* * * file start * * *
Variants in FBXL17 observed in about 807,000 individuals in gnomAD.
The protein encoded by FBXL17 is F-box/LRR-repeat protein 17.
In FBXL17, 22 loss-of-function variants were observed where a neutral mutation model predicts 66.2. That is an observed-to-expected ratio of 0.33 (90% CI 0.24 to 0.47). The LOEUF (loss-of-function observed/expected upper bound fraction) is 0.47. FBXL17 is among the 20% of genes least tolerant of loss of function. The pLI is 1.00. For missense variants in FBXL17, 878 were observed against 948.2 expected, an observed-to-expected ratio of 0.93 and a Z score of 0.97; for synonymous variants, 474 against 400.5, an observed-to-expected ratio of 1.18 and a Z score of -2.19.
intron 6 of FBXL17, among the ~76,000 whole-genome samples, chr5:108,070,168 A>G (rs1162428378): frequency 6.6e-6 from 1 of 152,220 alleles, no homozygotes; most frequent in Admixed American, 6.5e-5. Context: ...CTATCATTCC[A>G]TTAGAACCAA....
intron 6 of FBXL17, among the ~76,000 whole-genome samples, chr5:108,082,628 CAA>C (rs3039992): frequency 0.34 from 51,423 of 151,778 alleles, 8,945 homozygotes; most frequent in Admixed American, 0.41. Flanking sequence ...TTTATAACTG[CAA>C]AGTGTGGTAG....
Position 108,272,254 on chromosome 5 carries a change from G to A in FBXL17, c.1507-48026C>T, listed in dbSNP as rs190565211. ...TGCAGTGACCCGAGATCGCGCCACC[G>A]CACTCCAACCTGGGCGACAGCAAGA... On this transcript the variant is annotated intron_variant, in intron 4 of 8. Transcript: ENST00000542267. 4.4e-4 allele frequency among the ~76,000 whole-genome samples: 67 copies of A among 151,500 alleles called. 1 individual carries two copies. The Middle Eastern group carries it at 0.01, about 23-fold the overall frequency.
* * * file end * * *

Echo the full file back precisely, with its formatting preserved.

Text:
Variants in FBXL17 observed in about 807,000 individuals in gnomAD.
The protein encoded by FBXL17 is F-box/LRR-repeat protein 17.
In FBXL17, 22 loss-of-function variants were observed where a neutral mutation model predicts 66.2. That is an observed-to-expected ratio of 0.33 (90% CI 0.24 to 0.47). The LOEUF (loss-of-function observed/expected upper bound fraction) is 0.47. FBXL17 is among the 20% of genes least tolerant of loss of function. The pLI is 1.00. For missense variants in FBXL17, 878 were observed against 948.2 expected, an observed-to-expected ratio of 0.93 and a Z score of 0.97; for synonymous variants, 474 against 400.5, an observed-to-expected ratio of 1.18 and a Z score of -2.19.
intron 6 of FBXL17, among the ~76,000 whole-genome samples, chr5:108,070,168 A>G (rs1162428378): frequency 6.6e-6 from 1 of 152,220 alleles, no homozygotes; most frequent in Admixed American, 6.5e-5. Context: ...CTATCATTCC[A>G]TTAGAACCAA....
intron 6 of FBXL17, among the ~76,000 whole-genome samples, chr5:108,082,628 CAA>C (rs3039992): frequency 0.34 from 51,423 of 151,778 alleles, 8,945 homozygotes; most frequent in Admixed American, 0.41. Flanking sequence ...TTTATAACTG[CAA>C]AGTGTGGTAG....
Position 108,272,254 on chromosome 5 carries a change from G to A in FBXL17, c.1507-48026C>T, listed in dbSNP as rs190565211. ...TGCAGTGACCCGAGATCGCGCCACC[G>A]CACTCCAACCTGGGCGACAGCAAGA... On this transcript the variant is annotated intron_variant, in intron 4 of 8. Transcript: ENST00000542267. 4.4e-4 allele frequency among the ~76,000 whole-genome samples: 67 copies of A among 151,500 alleles called. 1 individual carries two copies. The Middle Eastern group carries it at 0.01, about 23-fold the overall frequency.